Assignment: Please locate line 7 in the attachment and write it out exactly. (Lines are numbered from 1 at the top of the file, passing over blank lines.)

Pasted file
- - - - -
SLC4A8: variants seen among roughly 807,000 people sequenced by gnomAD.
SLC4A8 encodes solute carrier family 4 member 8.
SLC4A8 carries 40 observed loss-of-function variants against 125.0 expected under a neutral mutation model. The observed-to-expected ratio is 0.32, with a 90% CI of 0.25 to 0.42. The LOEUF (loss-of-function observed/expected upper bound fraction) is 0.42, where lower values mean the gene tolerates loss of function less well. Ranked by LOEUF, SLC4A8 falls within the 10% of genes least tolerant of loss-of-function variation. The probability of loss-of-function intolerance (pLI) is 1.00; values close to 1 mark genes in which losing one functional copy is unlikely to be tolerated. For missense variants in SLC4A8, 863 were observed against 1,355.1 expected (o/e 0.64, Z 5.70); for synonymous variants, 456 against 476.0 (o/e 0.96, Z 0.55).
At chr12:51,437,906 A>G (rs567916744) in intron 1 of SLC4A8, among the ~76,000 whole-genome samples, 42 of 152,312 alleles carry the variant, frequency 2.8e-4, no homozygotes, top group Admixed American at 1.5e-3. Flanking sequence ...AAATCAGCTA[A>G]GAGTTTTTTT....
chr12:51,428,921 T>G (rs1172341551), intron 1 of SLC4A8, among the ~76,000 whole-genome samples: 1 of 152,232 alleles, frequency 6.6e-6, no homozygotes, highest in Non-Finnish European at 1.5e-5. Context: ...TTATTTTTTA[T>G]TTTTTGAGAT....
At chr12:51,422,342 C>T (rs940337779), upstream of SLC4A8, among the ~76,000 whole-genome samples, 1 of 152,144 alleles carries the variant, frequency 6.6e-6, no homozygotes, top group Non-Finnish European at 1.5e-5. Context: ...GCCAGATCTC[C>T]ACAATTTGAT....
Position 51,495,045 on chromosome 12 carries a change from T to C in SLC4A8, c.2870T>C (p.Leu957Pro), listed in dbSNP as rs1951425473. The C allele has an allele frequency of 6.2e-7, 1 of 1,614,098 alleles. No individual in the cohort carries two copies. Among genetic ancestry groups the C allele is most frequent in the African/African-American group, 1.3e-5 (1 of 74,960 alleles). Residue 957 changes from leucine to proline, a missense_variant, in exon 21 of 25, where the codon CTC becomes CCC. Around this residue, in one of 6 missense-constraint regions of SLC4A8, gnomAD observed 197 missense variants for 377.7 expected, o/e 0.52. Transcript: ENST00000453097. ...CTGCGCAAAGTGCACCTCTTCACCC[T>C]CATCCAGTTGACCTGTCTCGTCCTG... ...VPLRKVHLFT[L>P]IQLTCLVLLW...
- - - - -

Position 51,495,045 on chromosome 12 carries a change from T to C in SLC4A8, c.2870T>C (p.Leu957Pro), listed in dbSNP as rs1951425473. The C allele has an allele frequency of 6.2e-7, 1 of 1,614,098 alleles. No individual in the cohort carries two copies. Among genetic ancestry groups the C allele is most frequent in the African/African-American group, 1.3e-5 (1 of 74,960 alleles). Residue 957 changes from leucine to proline, a missense_variant, in exon 21 of 25, where the codon CTC becomes CCC. Around this residue, in one of 6 missense-constraint regions of SLC4A8, gnomAD observed 197 missense variants for 377.7 expected, o/e 0.52. Transcript: ENST00000453097. ...CTGCGCAAAGTGCACCTCTTCACCC[T>C]CATCCAGTTGACCTGTCTCGTCCTG... ...VPLRKVHLFT[L>P]IQLTCLVLLW...